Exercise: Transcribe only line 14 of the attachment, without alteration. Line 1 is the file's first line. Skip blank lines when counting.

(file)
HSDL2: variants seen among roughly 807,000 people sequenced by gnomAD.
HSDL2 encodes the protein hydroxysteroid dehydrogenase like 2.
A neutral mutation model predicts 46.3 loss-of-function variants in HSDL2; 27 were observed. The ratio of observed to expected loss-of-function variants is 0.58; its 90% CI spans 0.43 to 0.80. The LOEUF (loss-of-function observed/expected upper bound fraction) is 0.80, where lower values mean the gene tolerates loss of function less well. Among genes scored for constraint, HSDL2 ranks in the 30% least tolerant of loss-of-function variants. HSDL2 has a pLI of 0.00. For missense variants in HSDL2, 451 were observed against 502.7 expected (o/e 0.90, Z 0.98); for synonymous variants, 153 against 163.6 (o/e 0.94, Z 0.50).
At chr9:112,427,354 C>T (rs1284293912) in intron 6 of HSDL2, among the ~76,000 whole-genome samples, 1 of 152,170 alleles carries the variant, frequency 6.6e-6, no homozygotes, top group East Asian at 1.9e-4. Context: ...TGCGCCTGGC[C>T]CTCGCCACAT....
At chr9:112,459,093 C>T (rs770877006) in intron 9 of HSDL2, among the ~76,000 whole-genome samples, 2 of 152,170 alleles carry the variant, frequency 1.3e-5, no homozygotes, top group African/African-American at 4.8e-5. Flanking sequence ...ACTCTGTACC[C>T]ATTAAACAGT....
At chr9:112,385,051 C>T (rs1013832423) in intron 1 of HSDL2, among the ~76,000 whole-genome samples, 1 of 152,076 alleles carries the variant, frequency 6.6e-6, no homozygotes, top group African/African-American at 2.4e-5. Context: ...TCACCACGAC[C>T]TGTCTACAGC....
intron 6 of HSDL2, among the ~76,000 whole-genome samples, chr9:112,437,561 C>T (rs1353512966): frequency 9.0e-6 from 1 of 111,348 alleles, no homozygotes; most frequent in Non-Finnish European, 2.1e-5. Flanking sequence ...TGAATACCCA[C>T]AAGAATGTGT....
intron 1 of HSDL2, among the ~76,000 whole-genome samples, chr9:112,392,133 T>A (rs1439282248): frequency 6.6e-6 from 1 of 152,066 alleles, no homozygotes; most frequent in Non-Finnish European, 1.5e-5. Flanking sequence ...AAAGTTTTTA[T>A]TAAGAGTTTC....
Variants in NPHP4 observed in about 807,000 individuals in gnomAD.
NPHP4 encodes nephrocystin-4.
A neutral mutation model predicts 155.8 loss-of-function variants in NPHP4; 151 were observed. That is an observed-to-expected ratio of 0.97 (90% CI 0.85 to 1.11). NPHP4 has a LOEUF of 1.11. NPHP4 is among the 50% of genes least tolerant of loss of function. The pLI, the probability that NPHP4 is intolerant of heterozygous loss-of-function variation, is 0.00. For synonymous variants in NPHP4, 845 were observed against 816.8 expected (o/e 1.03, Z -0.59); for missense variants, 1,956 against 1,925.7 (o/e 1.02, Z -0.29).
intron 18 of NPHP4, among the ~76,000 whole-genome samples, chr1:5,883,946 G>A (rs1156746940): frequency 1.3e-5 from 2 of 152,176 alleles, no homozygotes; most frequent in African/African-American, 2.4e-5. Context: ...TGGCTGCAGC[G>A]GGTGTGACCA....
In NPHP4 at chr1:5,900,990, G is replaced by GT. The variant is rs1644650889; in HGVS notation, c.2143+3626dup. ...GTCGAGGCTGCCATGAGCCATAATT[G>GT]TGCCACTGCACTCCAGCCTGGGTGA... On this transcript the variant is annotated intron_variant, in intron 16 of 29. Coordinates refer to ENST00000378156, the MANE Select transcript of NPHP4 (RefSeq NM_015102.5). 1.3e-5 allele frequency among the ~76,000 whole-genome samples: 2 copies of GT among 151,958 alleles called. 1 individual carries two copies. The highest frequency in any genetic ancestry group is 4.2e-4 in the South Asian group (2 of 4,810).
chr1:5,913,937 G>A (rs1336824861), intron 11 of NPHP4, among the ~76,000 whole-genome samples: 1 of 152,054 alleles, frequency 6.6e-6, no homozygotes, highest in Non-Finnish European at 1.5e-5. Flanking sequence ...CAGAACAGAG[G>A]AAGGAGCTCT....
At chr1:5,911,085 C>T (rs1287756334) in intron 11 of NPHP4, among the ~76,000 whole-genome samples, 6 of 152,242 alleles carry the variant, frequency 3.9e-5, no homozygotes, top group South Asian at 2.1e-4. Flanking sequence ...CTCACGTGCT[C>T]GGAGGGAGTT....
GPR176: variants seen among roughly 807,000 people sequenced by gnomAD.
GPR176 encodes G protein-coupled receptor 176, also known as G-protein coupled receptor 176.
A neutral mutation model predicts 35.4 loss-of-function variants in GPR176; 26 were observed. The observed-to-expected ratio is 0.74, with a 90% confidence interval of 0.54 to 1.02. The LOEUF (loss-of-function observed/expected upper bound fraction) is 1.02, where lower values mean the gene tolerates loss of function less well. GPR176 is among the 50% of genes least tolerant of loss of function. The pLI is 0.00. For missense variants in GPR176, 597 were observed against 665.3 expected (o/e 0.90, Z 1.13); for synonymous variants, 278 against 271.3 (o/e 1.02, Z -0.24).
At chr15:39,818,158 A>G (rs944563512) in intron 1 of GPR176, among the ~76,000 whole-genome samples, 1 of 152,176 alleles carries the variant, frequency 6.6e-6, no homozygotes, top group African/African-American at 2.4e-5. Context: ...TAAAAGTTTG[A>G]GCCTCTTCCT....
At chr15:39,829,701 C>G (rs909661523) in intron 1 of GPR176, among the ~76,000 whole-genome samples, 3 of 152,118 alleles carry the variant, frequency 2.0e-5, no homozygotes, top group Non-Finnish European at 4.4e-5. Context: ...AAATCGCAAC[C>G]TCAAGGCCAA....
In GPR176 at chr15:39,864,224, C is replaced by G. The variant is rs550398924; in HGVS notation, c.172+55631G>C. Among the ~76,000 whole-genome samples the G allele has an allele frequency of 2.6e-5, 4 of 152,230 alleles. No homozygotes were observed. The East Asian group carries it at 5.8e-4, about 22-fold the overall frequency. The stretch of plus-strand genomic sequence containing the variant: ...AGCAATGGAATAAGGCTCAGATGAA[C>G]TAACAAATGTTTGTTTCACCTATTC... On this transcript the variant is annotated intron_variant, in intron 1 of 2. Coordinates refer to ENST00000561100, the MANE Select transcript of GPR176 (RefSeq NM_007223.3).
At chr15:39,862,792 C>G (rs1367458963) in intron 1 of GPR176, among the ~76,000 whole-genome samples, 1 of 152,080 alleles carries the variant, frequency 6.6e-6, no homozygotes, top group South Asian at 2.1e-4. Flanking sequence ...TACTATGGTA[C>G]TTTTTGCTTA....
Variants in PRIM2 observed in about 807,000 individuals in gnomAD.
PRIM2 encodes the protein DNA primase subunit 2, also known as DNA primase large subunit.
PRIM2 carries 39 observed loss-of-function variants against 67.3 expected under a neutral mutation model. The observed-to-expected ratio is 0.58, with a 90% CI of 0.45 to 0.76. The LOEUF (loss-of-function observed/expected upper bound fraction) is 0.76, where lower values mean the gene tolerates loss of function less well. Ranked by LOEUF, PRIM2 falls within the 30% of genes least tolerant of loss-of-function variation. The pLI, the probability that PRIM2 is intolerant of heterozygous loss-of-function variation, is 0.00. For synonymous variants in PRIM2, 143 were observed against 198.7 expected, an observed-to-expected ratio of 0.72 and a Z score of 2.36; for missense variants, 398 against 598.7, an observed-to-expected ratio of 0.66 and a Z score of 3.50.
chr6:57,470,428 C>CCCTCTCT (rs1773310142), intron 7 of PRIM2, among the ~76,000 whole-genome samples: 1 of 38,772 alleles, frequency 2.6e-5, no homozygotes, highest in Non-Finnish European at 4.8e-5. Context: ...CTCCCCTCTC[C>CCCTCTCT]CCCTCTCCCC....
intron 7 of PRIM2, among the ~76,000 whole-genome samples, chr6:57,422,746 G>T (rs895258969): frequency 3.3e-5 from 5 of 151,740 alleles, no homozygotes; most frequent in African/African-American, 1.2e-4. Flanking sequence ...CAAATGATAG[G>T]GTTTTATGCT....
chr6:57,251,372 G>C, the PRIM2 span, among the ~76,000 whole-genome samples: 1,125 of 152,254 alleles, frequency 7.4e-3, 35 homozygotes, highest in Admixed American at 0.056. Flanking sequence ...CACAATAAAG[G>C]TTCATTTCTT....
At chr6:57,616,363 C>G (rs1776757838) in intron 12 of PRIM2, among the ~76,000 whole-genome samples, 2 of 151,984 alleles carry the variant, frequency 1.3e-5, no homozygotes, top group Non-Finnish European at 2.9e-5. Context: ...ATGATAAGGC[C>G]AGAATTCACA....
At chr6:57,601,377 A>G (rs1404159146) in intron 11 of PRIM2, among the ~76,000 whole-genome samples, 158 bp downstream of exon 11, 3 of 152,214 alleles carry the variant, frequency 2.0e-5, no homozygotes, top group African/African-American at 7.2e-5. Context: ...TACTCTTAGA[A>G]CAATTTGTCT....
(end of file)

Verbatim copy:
chr1:5,913,937 G>A (rs1336824861), intron 11 of NPHP4, among the ~76,000 whole-genome samples: 1 of 152,054 alleles, frequency 6.6e-6, no homozygotes, highest in Non-Finnish European at 1.5e-5. Flanking sequence ...CAGAACAGAG[G>A]AAGGAGCTCT....